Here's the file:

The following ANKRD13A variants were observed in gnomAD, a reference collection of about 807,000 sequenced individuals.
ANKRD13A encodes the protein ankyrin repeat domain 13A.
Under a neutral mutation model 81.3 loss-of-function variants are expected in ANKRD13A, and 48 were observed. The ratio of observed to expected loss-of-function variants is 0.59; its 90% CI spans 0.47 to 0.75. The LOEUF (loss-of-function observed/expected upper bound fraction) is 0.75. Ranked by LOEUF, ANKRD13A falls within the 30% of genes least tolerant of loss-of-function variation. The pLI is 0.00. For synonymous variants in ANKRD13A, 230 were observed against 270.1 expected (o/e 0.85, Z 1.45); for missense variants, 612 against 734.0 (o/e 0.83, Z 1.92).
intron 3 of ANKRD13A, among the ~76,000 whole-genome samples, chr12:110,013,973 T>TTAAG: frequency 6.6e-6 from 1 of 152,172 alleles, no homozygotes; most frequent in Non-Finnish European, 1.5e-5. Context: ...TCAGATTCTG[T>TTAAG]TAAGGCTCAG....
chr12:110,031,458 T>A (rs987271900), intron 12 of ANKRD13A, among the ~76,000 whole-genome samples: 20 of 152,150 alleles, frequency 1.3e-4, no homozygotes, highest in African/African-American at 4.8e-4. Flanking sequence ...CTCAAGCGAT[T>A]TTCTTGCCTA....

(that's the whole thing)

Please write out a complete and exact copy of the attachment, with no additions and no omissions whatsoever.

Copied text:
The following ANKRD13A variants were observed in gnomAD, a reference collection of about 807,000 sequenced individuals.
ANKRD13A encodes the protein ankyrin repeat domain 13A.
Under a neutral mutation model 81.3 loss-of-function variants are expected in ANKRD13A, and 48 were observed. The ratio of observed to expected loss-of-function variants is 0.59; its 90% CI spans 0.47 to 0.75. The LOEUF (loss-of-function observed/expected upper bound fraction) is 0.75. Ranked by LOEUF, ANKRD13A falls within the 30% of genes least tolerant of loss-of-function variation. The pLI is 0.00. For synonymous variants in ANKRD13A, 230 were observed against 270.1 expected (o/e 0.85, Z 1.45); for missense variants, 612 against 734.0 (o/e 0.83, Z 1.92).
intron 3 of ANKRD13A, among the ~76,000 whole-genome samples, chr12:110,013,973 T>TTAAG: frequency 6.6e-6 from 1 of 152,172 alleles, no homozygotes; most frequent in Non-Finnish European, 1.5e-5. Context: ...TCAGATTCTG[T>TTAAG]TAAGGCTCAG....
chr12:110,031,458 T>A (rs987271900), intron 12 of ANKRD13A, among the ~76,000 whole-genome samples: 20 of 152,150 alleles, frequency 1.3e-4, no homozygotes, highest in African/African-American at 4.8e-4. Flanking sequence ...CTCAAGCGAT[T>A]TTCTTGCCTA....